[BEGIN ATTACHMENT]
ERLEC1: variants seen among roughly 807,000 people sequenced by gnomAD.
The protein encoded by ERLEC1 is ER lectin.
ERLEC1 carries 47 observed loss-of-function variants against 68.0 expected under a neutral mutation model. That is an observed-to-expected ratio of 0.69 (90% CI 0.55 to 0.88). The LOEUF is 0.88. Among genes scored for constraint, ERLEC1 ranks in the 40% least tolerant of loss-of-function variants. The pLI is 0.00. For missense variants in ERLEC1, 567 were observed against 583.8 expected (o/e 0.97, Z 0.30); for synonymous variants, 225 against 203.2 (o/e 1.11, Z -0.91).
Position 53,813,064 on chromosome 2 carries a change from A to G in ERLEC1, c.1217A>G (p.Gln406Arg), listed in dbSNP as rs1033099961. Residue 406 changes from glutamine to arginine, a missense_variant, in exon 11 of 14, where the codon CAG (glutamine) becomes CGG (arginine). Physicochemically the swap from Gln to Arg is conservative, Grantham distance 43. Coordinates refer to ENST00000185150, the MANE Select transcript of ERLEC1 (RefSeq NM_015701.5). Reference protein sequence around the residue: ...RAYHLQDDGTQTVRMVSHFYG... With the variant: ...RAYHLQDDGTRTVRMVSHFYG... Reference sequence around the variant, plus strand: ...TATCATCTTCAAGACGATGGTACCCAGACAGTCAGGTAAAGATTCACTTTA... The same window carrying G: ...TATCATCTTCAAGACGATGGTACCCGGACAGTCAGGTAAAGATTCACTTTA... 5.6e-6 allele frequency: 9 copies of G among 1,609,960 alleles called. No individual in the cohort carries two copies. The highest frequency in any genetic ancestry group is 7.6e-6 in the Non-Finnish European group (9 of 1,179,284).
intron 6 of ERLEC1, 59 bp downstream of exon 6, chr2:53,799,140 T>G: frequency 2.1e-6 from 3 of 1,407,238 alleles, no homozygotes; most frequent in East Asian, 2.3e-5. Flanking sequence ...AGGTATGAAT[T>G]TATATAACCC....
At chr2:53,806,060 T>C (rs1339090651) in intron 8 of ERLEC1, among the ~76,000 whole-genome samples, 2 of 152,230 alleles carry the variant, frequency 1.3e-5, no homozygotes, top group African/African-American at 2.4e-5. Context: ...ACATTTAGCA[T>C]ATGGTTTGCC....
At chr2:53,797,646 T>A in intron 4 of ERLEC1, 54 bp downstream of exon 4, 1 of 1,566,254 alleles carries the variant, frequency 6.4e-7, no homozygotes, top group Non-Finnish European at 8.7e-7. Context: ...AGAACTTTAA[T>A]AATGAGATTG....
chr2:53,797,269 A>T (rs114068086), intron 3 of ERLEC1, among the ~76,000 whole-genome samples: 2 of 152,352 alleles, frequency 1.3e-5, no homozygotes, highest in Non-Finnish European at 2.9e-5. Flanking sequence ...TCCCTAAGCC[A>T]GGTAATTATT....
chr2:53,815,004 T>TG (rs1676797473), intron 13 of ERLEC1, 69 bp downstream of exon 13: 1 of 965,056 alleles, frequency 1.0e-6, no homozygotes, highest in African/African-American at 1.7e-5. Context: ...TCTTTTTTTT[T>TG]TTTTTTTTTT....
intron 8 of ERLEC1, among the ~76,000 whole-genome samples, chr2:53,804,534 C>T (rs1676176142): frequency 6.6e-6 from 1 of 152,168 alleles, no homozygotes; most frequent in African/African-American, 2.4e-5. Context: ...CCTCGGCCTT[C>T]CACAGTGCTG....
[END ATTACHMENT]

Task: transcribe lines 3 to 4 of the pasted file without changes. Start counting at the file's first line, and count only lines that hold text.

ERLEC1 carries 47 observed loss-of-function variants against 68.0 expected under a neutral mutation model. That is an observed-to-expected ratio of 0.69 (90% CI 0.55 to 0.88). The LOEUF is 0.88. Among genes scored for constraint, ERLEC1 ranks in the 40% least tolerant of loss-of-function variants. The pLI is 0.00. For missense variants in ERLEC1, 567 were observed against 583.8 expected (o/e 0.97, Z 0.30); for synonymous variants, 225 against 203.2 (o/e 1.11, Z -0.91).
Position 53,813,064 on chromosome 2 carries a change from A to G in ERLEC1, c.1217A>G (p.Gln406Arg), listed in dbSNP as rs1033099961. Residue 406 changes from glutamine to arginine, a missense_variant, in exon 11 of 14, where the codon CAG (glutamine) becomes CGG (arginine). Physicochemically the swap from Gln to Arg is conservative, Grantham distance 43. Coordinates refer to ENST00000185150, the MANE Select transcript of ERLEC1 (RefSeq NM_015701.5). Reference protein sequence around the residue: ...RAYHLQDDGTQTVRMVSHFYG... With the variant: ...RAYHLQDDGTRTVRMVSHFYG... Reference sequence around the variant, plus strand: ...TATCATCTTCAAGACGATGGTACCCAGACAGTCAGGTAAAGATTCACTTTA... The same window carrying G: ...TATCATCTTCAAGACGATGGTACCCGGACAGTCAGGTAAAGATTCACTTTA... 5.6e-6 allele frequency: 9 copies of G among 1,609,960 alleles called. No individual in the cohort carries two copies. The highest frequency in any genetic ancestry group is 7.6e-6 in the Non-Finnish European group (9 of 1,179,284).